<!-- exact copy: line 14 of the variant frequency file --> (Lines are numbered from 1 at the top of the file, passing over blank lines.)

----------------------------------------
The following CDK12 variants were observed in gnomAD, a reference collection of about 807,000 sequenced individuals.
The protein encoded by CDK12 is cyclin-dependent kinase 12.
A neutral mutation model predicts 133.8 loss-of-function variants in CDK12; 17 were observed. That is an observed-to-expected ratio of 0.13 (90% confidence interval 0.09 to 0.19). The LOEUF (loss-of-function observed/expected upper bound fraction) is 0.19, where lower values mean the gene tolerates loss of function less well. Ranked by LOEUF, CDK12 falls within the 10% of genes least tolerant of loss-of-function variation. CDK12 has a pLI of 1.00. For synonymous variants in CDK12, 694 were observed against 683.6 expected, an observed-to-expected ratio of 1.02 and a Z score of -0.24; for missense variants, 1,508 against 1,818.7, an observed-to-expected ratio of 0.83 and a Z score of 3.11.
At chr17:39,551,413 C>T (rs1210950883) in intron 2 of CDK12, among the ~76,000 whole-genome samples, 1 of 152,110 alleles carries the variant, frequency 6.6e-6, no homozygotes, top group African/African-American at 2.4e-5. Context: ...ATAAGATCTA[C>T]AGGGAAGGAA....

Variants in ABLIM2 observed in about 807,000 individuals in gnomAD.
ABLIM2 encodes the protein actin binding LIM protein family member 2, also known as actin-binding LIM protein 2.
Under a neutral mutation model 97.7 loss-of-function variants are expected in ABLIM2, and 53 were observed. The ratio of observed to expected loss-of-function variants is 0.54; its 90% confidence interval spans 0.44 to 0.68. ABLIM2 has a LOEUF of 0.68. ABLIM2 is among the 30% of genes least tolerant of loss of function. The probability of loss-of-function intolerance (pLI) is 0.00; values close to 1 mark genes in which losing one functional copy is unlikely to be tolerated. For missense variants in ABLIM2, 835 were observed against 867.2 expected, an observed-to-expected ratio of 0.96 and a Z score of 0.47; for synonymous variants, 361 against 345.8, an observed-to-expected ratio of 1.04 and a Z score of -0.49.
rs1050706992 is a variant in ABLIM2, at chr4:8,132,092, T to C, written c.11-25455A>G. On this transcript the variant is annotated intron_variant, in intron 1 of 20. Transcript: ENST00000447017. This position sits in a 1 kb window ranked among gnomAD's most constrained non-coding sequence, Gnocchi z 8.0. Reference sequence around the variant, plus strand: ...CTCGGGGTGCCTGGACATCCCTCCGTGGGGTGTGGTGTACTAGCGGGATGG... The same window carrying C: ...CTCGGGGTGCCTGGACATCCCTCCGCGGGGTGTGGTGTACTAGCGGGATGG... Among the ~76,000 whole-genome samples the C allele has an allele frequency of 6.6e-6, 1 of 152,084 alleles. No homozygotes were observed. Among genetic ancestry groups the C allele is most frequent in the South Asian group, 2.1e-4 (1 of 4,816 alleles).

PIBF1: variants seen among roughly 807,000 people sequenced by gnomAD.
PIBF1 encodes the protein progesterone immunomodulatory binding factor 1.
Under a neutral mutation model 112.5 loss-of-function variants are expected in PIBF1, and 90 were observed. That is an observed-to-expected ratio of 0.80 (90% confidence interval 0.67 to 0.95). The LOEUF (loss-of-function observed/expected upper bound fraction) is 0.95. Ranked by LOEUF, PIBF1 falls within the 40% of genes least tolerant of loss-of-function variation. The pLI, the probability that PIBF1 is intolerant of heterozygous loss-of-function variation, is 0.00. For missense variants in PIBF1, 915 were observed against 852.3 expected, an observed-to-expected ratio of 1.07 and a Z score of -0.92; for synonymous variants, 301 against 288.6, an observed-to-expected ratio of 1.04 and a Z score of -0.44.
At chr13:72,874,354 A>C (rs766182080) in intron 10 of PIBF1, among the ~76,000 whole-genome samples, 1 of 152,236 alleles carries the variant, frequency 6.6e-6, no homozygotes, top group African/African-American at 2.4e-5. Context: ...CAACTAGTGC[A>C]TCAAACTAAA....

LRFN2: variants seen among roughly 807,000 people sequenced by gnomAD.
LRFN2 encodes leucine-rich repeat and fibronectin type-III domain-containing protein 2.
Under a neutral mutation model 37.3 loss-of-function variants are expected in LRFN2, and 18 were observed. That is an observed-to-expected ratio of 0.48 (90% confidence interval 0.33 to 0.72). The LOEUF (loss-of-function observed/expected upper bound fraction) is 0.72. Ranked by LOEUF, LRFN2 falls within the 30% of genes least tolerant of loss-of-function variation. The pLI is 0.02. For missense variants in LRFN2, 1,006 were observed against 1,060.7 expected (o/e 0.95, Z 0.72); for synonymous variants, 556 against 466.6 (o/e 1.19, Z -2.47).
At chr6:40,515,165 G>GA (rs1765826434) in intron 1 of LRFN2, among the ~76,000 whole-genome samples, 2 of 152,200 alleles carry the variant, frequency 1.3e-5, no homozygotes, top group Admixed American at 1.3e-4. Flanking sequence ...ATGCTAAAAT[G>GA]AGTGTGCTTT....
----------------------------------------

LRFN2 encodes leucine-rich repeat and fibronectin type-III domain-containing protein 2.